Speaking before Francis, he noted that Canada's Truth and Reconciliation Commission in 2015 had called for a papal apology to be delivered on Canadian soil, but that Francis' visit would not have been possible without the courage and perseverance of survivors of First Nations, Inuit and Metis who travelled to the Vatican last spring to press their case for an apology.
Apologies for the role that the Roman Catholic Church, as an institution, played in the mistreatment on the spiritual, cultural, emotional, physical and sexual abuse that Indigenous children suffered in residential schools run by the church, Trudeau said.
The Canadian government has apologised for its role in the school legacy. Former Prime Minister Stephen Harper issued a formal apology over the residential schools in Parliament in 2008, calling them a sad chapter in Canadian history and saying the policy of forced assimilation caused great harm.
As part of a settlement of a lawsuit involving the government, churches and the approximately 90,000 surviving students, Canada paid reparations that amounted to billions of dollars being transferred to Indigenous communities. The Catholic Church, for its part, has paid over $50 million and intends to add $30 million more over the next five years.
Trudeau implied that much more needed to be done by the church, and that while Francis' visit had an enormous impact on survivors, it was but a first step.
Aside from the content of his speech, Trudeau's remarks broke customary protocol for papal trips. According to diplomatic protocol, only Simon was supposed to address the pope in her capacity as the representative head of state. Simon, an Inuk who is the first Indigenous person to hold the largely ceremonial position governor general, did address Francis. CQ

But the Vatican said Trudeau's office requested the prime minister be allowed to offer some introductory remarks, a request that arrived in the days before Francis left Rome but after the pope's itinerary had been finalized and printed.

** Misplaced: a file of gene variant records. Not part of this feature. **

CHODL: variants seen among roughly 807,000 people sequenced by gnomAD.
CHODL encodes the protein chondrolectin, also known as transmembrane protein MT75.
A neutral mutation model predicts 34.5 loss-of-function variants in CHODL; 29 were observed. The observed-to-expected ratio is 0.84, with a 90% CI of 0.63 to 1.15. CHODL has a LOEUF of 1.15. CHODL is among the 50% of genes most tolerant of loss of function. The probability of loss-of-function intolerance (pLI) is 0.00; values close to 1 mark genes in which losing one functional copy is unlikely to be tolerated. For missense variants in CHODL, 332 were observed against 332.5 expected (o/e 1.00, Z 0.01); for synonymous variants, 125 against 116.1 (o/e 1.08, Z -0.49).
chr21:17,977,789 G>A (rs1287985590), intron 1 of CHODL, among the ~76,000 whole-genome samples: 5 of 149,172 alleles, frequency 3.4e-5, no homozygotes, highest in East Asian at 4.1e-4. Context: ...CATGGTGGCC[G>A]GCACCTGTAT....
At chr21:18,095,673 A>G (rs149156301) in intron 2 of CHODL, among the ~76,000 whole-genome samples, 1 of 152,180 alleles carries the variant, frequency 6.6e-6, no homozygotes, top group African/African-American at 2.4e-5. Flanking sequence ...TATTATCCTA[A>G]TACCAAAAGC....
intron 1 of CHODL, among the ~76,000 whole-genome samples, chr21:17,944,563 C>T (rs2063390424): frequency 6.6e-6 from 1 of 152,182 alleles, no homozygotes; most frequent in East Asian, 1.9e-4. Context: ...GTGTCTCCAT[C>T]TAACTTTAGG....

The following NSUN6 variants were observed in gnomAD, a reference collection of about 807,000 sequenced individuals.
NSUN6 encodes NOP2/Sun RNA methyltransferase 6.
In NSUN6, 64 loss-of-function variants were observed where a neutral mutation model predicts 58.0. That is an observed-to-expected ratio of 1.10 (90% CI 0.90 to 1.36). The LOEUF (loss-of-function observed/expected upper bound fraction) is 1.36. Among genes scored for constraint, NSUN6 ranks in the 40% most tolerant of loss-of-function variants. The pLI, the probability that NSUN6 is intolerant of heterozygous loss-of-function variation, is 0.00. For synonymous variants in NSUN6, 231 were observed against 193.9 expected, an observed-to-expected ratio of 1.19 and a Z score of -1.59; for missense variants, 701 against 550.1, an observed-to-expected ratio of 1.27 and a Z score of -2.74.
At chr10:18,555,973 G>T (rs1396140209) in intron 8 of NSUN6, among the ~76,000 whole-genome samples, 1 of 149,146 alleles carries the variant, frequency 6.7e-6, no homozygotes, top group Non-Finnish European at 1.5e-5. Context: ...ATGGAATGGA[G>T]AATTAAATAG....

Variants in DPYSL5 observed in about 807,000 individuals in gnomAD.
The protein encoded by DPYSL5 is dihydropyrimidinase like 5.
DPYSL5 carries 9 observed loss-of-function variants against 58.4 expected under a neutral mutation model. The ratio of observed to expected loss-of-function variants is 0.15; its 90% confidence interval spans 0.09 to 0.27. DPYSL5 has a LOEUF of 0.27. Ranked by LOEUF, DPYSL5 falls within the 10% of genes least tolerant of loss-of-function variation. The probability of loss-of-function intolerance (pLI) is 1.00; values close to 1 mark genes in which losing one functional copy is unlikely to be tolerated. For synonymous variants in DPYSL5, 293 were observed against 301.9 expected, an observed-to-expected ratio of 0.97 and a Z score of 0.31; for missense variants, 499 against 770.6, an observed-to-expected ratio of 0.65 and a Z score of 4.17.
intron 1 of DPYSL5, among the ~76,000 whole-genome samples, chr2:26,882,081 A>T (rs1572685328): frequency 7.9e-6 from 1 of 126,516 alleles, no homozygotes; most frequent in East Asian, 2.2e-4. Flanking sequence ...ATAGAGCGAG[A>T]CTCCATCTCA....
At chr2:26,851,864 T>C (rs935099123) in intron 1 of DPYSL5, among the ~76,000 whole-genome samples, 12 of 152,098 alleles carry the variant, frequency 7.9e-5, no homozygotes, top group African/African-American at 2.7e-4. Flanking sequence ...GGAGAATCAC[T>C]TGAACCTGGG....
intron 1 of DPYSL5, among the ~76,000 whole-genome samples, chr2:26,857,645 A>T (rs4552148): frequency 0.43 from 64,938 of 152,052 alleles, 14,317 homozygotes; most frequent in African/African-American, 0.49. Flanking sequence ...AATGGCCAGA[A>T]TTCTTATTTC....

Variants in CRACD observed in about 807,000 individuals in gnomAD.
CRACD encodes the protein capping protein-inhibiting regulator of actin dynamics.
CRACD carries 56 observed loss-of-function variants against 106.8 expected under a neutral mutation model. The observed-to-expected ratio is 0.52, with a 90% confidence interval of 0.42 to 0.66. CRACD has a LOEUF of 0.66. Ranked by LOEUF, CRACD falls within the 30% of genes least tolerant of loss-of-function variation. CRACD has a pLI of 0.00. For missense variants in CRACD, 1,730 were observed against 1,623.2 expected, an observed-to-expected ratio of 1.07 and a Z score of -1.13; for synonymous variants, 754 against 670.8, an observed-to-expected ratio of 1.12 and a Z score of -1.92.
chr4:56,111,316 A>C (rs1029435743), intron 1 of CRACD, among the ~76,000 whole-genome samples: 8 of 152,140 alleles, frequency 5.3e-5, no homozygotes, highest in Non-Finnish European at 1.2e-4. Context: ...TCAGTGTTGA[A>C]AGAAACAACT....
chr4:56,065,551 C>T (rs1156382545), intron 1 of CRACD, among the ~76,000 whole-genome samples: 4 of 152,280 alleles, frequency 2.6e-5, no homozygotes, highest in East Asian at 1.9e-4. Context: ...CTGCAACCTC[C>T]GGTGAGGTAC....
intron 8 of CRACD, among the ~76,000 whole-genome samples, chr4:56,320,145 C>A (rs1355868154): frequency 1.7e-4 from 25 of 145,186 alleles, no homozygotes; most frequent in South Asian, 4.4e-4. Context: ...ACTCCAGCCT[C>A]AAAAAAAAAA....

A senior Canadian government official said Trudeau typically delivers remarks during visits by foreign leaders and that it was important for him to address Canadians during Francis' visit particularly given the importance of the matter. It was, however, added in at the last minute.
Before Francis arrived in Quebec City, Crown-Indigenous Relations Minister Marc Miller said the gaps in Francis' apology could not be ignored.
Echoing criticism from some school survivors, Miller noted that Francis didn't mention sexual abuse in his list of abuses endured by Indigenous children in the schools. Francis on Monday listed instead physical, verbal, psychological and spiritual abuse. In addition, Miller noted that Francis spoke of evil committed by individual Christians but not the Catholic Church as an institution.

(Only the headline and picture of this report may have been reworked by the Business Standard staff; the rest of the content is auto-generated from a syndicated feed.)

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First Published: Jul 28 2022 | 9:32 AM IST